We never took many snaps in those days as we never had a camera so that would account for the lack of evidence! Brendan got a very good camera when he was in the shipyard. He was coming out of it one evening and a Canadian or a Yank offered him one very cheaply and he jumped at the chance. As he was interested in all that, he made good use of it.
At one stage Brendan worked at Limavady (Ballykelly?) airfield, an R.A.F. one, and while he was there he discovered that Fr. Joe McGlade from Belfast was chaplain to the airforce there. Fr Joe was a redheaded priest and great crack. He was a cousin of Paddy McGlade’s and used to come up on holidays to McGlade’s, so Brendan and he were good friends,
Brendan used to ceilidhe a lot in Nora O’Kane’s where she lived with her brother Henry who was on crutches all the time.. He had been interned during the war with several others from Draperstown. I think he must have had polio at one stage of his life. Rois was his other sister. If ever there was a Republican stronghold, that was it. Nora was on the feis committee and was steeped in all things Irish, so some of it had to rub off on Brendan. Uncle Joe used to visit at Nora’s a lot for he would have been very close to them all in his younger days when the troubles were rife."
Editor's note. Brendan's daughter, Nuala, has updated some of this information and supplied us with a clipping from The Northern Constitution of half a century ago, an ad for the sale of Cloverhill. It must have been a grand place indeed, one of the "big houses" of the aristocracy.
It was only natural that a man called Brendan would one day sail west from Ireland in search of the Land of Promise, the Land of the Ever Young, Tir na nOg.
After their marriage in 1947, Brendan and Trudie sailed to Canada where Brendan worked in Petawawa, Ontario as an electrician doing jobs mostly in the Canadian Forces Base (C.F.B. Petawawa, training ground and home of a large part of Canada's "peacekeeping" army for over a hundred years). It was during their stay there that their home began to become a meeting place and even a first place to live in Canada for a number of new Irish immigrants. Paddy Loughran, Brendan Carlin, Jim Joe Kelly and Brendan’s father Frank Kelly and his family all passed through the Kelly house in Petawawa in the early 1950’s. (Some of the flavour of those times is recounted in the ‘Canada’ section, page 109)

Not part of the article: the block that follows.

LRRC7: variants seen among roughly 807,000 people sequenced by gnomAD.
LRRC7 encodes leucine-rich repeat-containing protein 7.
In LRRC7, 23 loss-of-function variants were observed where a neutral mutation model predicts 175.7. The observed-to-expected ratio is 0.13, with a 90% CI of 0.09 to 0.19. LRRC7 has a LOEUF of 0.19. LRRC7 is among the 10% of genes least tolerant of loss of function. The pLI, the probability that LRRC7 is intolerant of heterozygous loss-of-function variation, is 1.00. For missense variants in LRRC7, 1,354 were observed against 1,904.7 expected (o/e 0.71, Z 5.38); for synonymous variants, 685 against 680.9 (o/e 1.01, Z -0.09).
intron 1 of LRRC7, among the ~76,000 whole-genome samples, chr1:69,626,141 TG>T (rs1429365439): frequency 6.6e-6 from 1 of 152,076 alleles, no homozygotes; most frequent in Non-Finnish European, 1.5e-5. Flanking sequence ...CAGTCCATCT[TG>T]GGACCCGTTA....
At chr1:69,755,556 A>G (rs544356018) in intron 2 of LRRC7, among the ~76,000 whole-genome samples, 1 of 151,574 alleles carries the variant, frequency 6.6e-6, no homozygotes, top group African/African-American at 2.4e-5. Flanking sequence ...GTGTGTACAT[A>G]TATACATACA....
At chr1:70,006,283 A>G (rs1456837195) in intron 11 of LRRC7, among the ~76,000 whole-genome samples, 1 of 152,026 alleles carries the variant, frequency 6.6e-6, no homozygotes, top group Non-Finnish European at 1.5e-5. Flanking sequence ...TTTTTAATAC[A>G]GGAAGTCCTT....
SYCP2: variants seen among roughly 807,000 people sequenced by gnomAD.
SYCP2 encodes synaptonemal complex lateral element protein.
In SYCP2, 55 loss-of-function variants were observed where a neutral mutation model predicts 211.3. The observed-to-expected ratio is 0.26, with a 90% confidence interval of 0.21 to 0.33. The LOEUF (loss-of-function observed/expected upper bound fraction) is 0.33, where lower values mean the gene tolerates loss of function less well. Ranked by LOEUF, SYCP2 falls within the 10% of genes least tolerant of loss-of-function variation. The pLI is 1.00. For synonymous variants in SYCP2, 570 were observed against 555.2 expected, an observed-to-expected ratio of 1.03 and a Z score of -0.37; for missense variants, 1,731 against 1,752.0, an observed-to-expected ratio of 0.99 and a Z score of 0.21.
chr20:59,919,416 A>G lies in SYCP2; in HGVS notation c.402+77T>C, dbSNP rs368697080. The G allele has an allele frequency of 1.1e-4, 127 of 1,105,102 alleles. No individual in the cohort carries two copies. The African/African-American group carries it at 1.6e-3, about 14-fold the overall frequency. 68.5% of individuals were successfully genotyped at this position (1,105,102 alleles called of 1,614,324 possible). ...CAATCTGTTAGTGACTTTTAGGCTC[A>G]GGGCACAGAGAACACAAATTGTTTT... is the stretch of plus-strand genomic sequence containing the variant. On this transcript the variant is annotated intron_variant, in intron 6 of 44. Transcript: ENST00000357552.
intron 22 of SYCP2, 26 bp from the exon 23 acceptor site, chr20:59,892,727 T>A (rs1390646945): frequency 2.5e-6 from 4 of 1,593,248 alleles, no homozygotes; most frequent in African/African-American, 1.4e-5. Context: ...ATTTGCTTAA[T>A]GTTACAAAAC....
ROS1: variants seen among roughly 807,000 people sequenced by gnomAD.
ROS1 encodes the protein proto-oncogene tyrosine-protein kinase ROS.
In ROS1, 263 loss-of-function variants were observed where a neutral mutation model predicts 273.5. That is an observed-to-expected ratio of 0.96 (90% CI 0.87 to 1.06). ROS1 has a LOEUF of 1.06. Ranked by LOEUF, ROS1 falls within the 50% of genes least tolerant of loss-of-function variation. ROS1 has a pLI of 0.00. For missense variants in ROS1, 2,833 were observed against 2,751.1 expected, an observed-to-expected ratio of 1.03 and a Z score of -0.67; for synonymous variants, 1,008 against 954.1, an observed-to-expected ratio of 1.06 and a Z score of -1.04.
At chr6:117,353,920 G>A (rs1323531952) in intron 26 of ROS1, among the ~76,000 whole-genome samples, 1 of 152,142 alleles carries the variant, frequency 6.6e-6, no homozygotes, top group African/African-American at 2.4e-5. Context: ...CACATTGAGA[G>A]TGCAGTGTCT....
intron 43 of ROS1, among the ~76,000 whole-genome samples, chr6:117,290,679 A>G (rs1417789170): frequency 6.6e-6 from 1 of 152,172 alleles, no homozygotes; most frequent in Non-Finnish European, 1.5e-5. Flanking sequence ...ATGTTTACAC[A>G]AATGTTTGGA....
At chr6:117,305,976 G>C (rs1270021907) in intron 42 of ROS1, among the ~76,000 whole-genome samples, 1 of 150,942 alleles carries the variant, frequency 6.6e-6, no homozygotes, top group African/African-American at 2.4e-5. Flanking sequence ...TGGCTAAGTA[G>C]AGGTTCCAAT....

Brendan and Trudie stayed there for some years before moving to Arnprior further east along the Ottawa River. They then moved to Brockville along the St Lawrence River where Brendan got a job in 1963-4 with the American company, Stone and Webster which sent him to various parts of Canada and the U.S.
At one stage of his S&W career, when he worked down east, he drove a very distinct and now, extinct, DeSoto, a bright red one which was noticed wherever he went. He may have driven this from Nova Scotia when the whole family made the move back to Ontario. He later cut the old DeSoto in half intending to add a trailer section on the back of it but it never got finished.
He built a house in Brockville and that is where their two children, Nuala and Brendan were born. In the mid sixties they moved to Scarborough, a suburb of Toronto, where they settled and their children went to school.
By this time Brendan was taking supervisory positions with Stone and Webster, overseeing electrical and pipefitting work in breweries, chemical plants and mineral smelting plants all over Ontario; Sarnia, Sudbury, Hamilton, and further afield in New Bruswick, Quebec, the Okanagan Valley in B.C., Michigan, Boston, staying in these places, himself, for varying lengths of time rather than uprooting the family again. He had devised a time management system for S & W which he used to keep jobs on track.